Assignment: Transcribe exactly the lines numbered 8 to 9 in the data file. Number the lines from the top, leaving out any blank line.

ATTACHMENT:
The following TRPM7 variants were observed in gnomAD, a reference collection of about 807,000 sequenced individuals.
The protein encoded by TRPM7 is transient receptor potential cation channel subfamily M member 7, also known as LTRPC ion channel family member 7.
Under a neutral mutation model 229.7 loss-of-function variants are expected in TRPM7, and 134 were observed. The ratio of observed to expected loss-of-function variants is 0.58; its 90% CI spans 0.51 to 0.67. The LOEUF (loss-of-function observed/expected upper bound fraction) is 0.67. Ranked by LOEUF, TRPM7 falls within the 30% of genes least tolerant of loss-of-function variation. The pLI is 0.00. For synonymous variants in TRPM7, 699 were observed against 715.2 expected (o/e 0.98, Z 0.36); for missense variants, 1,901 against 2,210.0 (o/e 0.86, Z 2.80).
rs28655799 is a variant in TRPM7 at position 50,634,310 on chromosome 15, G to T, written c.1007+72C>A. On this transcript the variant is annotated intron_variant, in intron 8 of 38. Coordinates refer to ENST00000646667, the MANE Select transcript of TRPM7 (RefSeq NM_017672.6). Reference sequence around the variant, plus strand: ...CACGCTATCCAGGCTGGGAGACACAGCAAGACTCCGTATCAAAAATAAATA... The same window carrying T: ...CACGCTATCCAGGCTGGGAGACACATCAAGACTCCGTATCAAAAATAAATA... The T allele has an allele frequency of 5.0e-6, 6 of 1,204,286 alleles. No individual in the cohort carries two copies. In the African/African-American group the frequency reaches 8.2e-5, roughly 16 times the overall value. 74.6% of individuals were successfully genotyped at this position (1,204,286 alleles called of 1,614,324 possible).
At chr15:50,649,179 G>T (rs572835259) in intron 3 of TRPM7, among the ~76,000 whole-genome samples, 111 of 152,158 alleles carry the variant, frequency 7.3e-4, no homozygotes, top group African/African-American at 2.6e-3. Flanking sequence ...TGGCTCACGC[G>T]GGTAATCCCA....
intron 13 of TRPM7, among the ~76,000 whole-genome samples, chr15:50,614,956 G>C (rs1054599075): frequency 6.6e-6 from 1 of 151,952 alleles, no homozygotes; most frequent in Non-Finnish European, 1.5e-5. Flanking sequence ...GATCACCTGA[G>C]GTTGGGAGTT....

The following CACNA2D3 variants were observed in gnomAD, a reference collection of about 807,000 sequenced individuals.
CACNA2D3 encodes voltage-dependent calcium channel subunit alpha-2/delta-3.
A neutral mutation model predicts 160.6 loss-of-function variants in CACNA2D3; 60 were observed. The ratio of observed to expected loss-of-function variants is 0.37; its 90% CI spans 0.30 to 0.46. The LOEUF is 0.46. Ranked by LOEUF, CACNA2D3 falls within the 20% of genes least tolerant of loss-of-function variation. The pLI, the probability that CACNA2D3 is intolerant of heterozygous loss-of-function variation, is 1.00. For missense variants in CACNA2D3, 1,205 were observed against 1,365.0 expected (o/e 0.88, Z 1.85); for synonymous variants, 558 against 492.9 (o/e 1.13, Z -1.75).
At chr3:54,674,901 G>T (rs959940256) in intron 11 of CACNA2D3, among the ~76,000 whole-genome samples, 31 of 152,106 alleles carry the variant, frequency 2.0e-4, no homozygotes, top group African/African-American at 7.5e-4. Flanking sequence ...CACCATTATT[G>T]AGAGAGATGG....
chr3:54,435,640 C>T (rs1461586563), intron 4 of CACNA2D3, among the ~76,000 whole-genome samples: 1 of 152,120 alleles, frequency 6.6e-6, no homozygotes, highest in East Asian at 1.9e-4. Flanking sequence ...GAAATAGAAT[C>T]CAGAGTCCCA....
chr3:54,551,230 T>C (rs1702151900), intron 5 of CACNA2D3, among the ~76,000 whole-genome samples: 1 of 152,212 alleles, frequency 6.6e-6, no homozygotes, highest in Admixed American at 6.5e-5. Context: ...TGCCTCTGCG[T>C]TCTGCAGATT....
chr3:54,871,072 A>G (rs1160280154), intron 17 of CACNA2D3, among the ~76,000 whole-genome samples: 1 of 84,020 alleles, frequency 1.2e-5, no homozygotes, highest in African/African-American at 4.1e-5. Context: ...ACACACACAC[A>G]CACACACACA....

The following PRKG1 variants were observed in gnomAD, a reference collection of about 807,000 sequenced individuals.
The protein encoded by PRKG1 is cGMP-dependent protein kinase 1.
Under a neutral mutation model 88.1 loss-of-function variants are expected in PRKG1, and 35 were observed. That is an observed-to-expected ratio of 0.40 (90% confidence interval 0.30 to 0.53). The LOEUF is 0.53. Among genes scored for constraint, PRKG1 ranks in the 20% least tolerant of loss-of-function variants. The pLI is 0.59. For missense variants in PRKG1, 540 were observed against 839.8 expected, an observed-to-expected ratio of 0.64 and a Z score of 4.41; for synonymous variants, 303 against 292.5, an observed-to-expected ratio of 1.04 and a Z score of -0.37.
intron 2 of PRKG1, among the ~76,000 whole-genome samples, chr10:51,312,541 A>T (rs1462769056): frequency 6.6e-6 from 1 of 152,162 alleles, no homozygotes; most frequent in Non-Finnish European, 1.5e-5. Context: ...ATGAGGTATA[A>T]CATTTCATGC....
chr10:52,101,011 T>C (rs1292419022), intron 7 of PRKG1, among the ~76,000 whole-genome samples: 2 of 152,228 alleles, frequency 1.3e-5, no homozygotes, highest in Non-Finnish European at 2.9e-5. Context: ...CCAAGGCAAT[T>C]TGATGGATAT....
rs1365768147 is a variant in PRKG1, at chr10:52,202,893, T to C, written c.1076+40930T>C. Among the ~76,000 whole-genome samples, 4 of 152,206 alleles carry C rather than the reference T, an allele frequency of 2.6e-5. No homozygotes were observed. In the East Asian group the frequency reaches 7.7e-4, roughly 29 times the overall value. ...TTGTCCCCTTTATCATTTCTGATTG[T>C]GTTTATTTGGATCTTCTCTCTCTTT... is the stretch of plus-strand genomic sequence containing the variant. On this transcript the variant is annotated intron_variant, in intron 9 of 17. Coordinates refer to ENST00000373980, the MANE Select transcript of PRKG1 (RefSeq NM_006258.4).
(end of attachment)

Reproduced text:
CACNA2D3 encodes voltage-dependent calcium channel subunit alpha-2/delta-3.
A neutral mutation model predicts 160.6 loss-of-function variants in CACNA2D3; 60 were observed. The ratio of observed to expected loss-of-function variants is 0.37; its 90% CI spans 0.30 to 0.46. The LOEUF is 0.46. Ranked by LOEUF, CACNA2D3 falls within the 20% of genes least tolerant of loss-of-function variation. The pLI, the probability that CACNA2D3 is intolerant of heterozygous loss-of-function variation, is 1.00. For missense variants in CACNA2D3, 1,205 were observed against 1,365.0 expected (o/e 0.88, Z 1.85); for synonymous variants, 558 against 492.9 (o/e 1.13, Z -1.75).